Blue Balloon church. A digital manipulation on Josef Svoboda´s set design. By Myriam Mahiques
Since I bought my simple e-reader, the first book I´ve downloaded from my computer is The Illustrated Man, by Ray Bradbury. I am so happy to go back to the great stories of the tattooed man, specially because when I read it for the first time, I was fifteen years old, and of course now I see I´ve lost many subtle subjects of interest.
Among them, let us remember the story The Fire Balloons. It doesn´t shock us like others, because this is just a tale of Christian evangelization in Mars. Probably I found it boring in my youth.
Today, I am reflecting about father Joseph Peregrine´s goal to find the fire balloons, -supposedly sinner Martians- to convert them. The main question is if they are man or beast.
Once he proves to the other reverends that the round luminous globes of light, have a soul ('Somehow, they saved us. That proves they have souls.'), he decides to build a church in the hills to attract them with a brand new image of Christ:
Father Peregrine drew the round circle in the center of the blackboard.
'This is Christ, the son of the Father.'
He pretended not to hear the other Fathers' sharp intake of breath.
'This is Christ in all his Glory,' he continued.
'It looks like a geometry problem,' observed Father Stone.
'A fortunate comparison, for we deal with symbols here. Christ is no less Christ, you must admit, in being represented by a circle or a square. For centuries the cross has symbolized his love and agony. So this circle will be the Martian Christ. This is how we shall bring Him to Mars.'
The Fathers stirred fretfully and looked at each other.
'You, Brother Mathias, will create, in glass, a replica of this circle, a globe, filled with bright fire. It will stand upon the altar.'
'A cheap magic trick,' muttered Father Stone Father Peregrine went on patiently: 'On the contrary. We are giving them God in an understandable image. If Christ had come to us on Earth as an octopus, would we have accepted him readily?' He spread his hands. 'Was it then a cheap magic trick of the Lord's to bring us Christ through Jesus, in man's shape? After we bless the church we build here and sanctify its altar and this symbol, do you think Christ would refuse to inhabit the shape before us? You know in your hearts He would not refuse.'
Spherical fractal by Myriam Mahiques. To illustrate the idea of Bradbury´s blue light balloons.
There is here this discussion about the symbolism inside a church, a beautiful example of semiotics, the metaphor of the shape. Then, father Peregrine reflects about the location of a church:
'Is it because they are so odd to the eye?' wondered Father Peregrine. 'But what is a shape? Only a cup for the blazing soul that God provides us all. If tomorrow I found that sea lions suddenly possessed free will, intellect, knew when not to sin, knew what life was and tempered justice with mercy and life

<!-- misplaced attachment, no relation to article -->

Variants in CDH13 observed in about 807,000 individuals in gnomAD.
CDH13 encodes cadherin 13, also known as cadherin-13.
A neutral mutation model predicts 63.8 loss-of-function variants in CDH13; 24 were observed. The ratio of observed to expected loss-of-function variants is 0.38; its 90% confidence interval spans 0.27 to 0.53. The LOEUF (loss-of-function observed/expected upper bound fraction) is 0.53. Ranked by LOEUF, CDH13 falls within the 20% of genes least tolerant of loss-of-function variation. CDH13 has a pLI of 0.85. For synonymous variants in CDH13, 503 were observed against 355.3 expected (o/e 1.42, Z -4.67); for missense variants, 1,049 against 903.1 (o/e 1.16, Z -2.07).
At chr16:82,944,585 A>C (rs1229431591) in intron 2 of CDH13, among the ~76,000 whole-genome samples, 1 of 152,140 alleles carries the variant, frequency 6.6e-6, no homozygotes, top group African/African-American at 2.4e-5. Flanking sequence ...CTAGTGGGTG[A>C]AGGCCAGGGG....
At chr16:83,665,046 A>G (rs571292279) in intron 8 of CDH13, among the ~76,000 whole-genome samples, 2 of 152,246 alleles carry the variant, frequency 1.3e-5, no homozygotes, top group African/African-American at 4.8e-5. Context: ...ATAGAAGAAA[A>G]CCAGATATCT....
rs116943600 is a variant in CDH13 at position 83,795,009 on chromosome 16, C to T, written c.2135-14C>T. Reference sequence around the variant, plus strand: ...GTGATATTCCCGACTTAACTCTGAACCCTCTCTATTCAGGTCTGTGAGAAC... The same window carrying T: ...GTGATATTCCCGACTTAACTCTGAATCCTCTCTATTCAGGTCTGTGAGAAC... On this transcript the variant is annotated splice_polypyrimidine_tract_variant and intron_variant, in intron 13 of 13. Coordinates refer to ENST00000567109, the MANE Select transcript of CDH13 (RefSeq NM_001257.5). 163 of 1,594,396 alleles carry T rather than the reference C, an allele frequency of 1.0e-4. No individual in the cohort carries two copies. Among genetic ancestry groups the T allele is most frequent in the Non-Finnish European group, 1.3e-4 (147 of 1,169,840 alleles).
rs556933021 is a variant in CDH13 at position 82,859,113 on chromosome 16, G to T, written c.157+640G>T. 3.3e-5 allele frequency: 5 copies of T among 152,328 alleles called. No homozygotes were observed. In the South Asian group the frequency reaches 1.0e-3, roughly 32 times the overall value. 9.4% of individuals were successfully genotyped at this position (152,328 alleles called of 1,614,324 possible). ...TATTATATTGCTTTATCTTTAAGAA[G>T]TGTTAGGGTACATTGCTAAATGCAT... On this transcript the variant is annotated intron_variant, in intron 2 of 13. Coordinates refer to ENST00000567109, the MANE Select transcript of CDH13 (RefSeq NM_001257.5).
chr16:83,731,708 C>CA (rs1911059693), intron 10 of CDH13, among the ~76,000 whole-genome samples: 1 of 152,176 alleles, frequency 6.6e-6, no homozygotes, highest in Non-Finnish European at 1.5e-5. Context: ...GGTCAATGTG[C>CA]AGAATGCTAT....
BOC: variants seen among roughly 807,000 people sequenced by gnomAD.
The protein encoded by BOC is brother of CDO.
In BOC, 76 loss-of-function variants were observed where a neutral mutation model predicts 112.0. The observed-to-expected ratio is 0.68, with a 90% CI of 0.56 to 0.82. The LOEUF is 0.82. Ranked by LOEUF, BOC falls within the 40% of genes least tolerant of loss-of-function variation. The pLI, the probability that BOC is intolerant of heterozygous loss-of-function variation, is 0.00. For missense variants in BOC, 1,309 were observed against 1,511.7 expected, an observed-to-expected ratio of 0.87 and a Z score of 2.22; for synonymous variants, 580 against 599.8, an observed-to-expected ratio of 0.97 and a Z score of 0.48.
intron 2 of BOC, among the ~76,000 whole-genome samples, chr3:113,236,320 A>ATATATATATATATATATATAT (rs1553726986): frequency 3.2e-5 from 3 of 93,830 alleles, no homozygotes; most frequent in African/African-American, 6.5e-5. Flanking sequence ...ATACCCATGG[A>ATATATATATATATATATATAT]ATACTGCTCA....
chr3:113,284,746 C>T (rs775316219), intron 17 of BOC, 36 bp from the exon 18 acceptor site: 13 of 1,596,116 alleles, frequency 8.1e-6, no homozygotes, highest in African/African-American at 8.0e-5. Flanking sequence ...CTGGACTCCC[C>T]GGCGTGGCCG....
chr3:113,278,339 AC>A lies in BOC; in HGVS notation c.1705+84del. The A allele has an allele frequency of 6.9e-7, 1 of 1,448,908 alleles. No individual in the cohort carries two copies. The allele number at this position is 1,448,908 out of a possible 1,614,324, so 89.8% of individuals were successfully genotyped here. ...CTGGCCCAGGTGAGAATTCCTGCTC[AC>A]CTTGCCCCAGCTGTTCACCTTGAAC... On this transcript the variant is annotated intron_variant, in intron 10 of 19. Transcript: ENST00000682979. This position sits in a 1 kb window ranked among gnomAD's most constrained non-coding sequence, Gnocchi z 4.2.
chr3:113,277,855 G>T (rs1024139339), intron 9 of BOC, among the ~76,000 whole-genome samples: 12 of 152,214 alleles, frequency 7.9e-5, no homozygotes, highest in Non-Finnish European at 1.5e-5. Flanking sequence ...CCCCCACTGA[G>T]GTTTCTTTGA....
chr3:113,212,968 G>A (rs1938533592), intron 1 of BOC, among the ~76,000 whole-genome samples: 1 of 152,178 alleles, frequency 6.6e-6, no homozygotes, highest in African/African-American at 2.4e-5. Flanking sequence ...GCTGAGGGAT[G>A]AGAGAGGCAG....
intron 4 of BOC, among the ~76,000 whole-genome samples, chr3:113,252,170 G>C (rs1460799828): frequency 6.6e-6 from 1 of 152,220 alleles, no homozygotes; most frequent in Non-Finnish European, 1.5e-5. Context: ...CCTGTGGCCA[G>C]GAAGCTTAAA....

with love, then I would build an undersea cathedral. And if the sparrows should, miraculously, with God's will, gain everlasting souls tomorrow, I would freight a church with helium and take after them, for all souls, in any shape, if they have free will and are aware of their sins, will burn in hell unless given their rightful communions.¨
If the priests accept the image of Christ as a balloon, isn´t it a blasphemy? It seems not in father Peregrine´s eyes:
'But that glass globe you wish placed on the altar,' protested Father Stone.
'Consider the Chinese,' replied Father Peregrine imperturbably. 'What sort of Christ do Christian Chinese worship? An oriental Christ, naturally. You've all seen oriental Nativity scenes. How is Christ dressed? In Eastern robes. Where does He walk? In Chinese settings of bamboo and misty mountain and crooked tree.
His eyelids taper, his cheekbones rise. Each country, each race adds something to Our Lord. I am reminded of the Virgin of Guadalupe, to whom all Mexico pays its love. Her skin? Have you noticed the paintings of her? A dark skin, like that of her worshipers. Is this blasphemy? Not at all.¨
Finally, the ¨idea¨ of a church is built, but they need to incorporate elements of their own memories:
¨The church was not a church but an area cleared of rocks, a plateau on one of the low mountains, its soil smoothed and brushed, and an altar established whereon Brother Mathias placed the fiery globe he had constructed.
At the end of six days of work the 'church' was ready.
'What shall we do with this?' Father Stone tapped an iron bell they had brought
along. 'What does a bell mean to them?'
'I imagine I brought it for our own comfort,' admitted Father Peregrine. 'We need a few familiarities. This church seems so little like a church.¨
I won´t be a spoiler telling my readers the end. I´m just wondering if a church, as a building is needed, or if symbols spread in nature would be enough to satisfy our souls.
To illustrate the post, I´ve digitally manipulated an old picture of one of the great theatre sets by Josef Svoboda. The image triggered me the idea of the church designed as a direct symbol of Christ, in this case, as a blue light balloon.
Christian symbolism in churches. A reflection on Bradbury´s ¨The Fire Balloons¨ by Myriam B. Mahiques is licensed under a Creative Commons Attribution-NonCommercial-NoDerivs 3.0 Unported License.